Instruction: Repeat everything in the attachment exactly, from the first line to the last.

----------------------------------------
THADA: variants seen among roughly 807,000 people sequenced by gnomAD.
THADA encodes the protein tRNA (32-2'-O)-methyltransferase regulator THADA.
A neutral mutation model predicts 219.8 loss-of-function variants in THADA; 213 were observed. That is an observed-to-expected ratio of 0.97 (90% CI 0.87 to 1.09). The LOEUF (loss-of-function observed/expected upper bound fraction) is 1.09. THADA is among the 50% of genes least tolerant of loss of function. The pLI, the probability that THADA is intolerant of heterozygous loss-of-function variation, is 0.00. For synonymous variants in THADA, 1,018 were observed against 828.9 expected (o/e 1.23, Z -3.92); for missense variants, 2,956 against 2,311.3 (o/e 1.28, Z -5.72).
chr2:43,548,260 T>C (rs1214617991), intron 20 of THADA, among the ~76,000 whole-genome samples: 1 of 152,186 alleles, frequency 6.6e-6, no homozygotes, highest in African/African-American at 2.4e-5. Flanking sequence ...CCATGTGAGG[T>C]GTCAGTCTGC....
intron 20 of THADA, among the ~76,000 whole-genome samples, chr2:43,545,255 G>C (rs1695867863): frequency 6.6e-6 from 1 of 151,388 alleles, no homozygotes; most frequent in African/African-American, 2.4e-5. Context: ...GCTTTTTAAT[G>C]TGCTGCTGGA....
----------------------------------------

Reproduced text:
THADA: variants seen among roughly 807,000 people sequenced by gnomAD.
THADA encodes the protein tRNA (32-2'-O)-methyltransferase regulator THADA.
A neutral mutation model predicts 219.8 loss-of-function variants in THADA; 213 were observed. That is an observed-to-expected ratio of 0.97 (90% CI 0.87 to 1.09). The LOEUF (loss-of-function observed/expected upper bound fraction) is 1.09. THADA is among the 50% of genes least tolerant of loss of function. The pLI, the probability that THADA is intolerant of heterozygous loss-of-function variation, is 0.00. For synonymous variants in THADA, 1,018 were observed against 828.9 expected (o/e 1.23, Z -3.92); for missense variants, 2,956 against 2,311.3 (o/e 1.28, Z -5.72).
chr2:43,548,260 T>C (rs1214617991), intron 20 of THADA, among the ~76,000 whole-genome samples: 1 of 152,186 alleles, frequency 6.6e-6, no homozygotes, highest in African/African-American at 2.4e-5. Flanking sequence ...CCATGTGAGG[T>C]GTCAGTCTGC....
intron 20 of THADA, among the ~76,000 whole-genome samples, chr2:43,545,255 G>C (rs1695867863): frequency 6.6e-6 from 1 of 151,388 alleles, no homozygotes; most frequent in African/African-American, 2.4e-5. Context: ...GCTTTTTAAT[G>C]TGCTGCTGGA....